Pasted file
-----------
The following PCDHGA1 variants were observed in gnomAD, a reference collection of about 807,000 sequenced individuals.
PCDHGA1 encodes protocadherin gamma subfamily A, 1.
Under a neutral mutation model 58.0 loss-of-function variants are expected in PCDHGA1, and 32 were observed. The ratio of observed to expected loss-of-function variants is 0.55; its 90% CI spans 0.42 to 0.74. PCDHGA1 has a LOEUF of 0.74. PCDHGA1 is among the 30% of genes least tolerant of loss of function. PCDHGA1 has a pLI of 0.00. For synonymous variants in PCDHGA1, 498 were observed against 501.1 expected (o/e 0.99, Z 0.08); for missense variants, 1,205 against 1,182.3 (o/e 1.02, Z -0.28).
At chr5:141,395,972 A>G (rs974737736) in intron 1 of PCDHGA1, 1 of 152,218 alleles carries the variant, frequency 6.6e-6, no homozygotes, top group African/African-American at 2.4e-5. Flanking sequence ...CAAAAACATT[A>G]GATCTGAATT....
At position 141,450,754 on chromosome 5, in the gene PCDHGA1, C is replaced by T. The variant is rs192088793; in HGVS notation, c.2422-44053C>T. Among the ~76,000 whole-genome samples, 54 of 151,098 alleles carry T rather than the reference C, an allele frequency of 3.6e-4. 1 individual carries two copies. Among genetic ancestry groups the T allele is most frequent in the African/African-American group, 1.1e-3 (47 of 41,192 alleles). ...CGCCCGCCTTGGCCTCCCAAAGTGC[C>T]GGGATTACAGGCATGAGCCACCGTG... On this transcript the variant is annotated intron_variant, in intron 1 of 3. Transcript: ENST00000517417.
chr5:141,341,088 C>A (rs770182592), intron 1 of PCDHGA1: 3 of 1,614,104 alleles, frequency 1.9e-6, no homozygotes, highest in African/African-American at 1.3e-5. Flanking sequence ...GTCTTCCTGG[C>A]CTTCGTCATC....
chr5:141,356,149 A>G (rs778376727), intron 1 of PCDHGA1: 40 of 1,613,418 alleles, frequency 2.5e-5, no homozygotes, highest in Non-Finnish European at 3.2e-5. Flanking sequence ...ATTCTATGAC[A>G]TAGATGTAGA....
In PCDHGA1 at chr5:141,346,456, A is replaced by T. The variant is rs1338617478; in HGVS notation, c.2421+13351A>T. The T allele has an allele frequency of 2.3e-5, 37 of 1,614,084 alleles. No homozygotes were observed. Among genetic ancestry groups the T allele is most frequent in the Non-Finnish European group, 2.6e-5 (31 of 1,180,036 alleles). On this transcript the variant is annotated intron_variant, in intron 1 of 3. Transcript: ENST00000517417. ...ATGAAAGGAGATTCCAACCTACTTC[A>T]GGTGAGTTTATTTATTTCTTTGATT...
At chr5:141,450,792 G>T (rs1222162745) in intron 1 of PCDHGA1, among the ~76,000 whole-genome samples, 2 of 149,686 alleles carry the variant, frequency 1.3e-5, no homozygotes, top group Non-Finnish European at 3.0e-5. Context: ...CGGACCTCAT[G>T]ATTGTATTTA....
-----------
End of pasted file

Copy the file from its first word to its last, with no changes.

The following PCDHGA1 variants were observed in gnomAD, a reference collection of about 807,000 sequenced individuals.
PCDHGA1 encodes protocadherin gamma subfamily A, 1.
Under a neutral mutation model 58.0 loss-of-function variants are expected in PCDHGA1, and 32 were observed. The ratio of observed to expected loss-of-function variants is 0.55; its 90% CI spans 0.42 to 0.74. PCDHGA1 has a LOEUF of 0.74. PCDHGA1 is among the 30% of genes least tolerant of loss of function. PCDHGA1 has a pLI of 0.00. For synonymous variants in PCDHGA1, 498 were observed against 501.1 expected (o/e 0.99, Z 0.08); for missense variants, 1,205 against 1,182.3 (o/e 1.02, Z -0.28).
At chr5:141,395,972 A>G (rs974737736) in intron 1 of PCDHGA1, 1 of 152,218 alleles carries the variant, frequency 6.6e-6, no homozygotes, top group African/African-American at 2.4e-5. Flanking sequence ...CAAAAACATT[A>G]GATCTGAATT....
At position 141,450,754 on chromosome 5, in the gene PCDHGA1, C is replaced by T. The variant is rs192088793; in HGVS notation, c.2422-44053C>T. Among the ~76,000 whole-genome samples, 54 of 151,098 alleles carry T rather than the reference C, an allele frequency of 3.6e-4. 1 individual carries two copies. Among genetic ancestry groups the T allele is most frequent in the African/African-American group, 1.1e-3 (47 of 41,192 alleles). ...CGCCCGCCTTGGCCTCCCAAAGTGC[C>T]GGGATTACAGGCATGAGCCACCGTG... On this transcript the variant is annotated intron_variant, in intron 1 of 3. Transcript: ENST00000517417.
chr5:141,341,088 C>A (rs770182592), intron 1 of PCDHGA1: 3 of 1,614,104 alleles, frequency 1.9e-6, no homozygotes, highest in African/African-American at 1.3e-5. Flanking sequence ...GTCTTCCTGG[C>A]CTTCGTCATC....
chr5:141,356,149 A>G (rs778376727), intron 1 of PCDHGA1: 40 of 1,613,418 alleles, frequency 2.5e-5, no homozygotes, highest in Non-Finnish European at 3.2e-5. Flanking sequence ...ATTCTATGAC[A>G]TAGATGTAGA....
In PCDHGA1 at chr5:141,346,456, A is replaced by T. The variant is rs1338617478; in HGVS notation, c.2421+13351A>T. The T allele has an allele frequency of 2.3e-5, 37 of 1,614,084 alleles. No homozygotes were observed. Among genetic ancestry groups the T allele is most frequent in the Non-Finnish European group, 2.6e-5 (31 of 1,180,036 alleles). On this transcript the variant is annotated intron_variant, in intron 1 of 3. Transcript: ENST00000517417. ...ATGAAAGGAGATTCCAACCTACTTC[A>T]GGTGAGTTTATTTATTTCTTTGATT...
At chr5:141,450,792 G>T (rs1222162745) in intron 1 of PCDHGA1, among the ~76,000 whole-genome samples, 2 of 149,686 alleles carry the variant, frequency 1.3e-5, no homozygotes, top group Non-Finnish European at 3.0e-5. Context: ...CGGACCTCAT[G>T]ATTGTATTTA....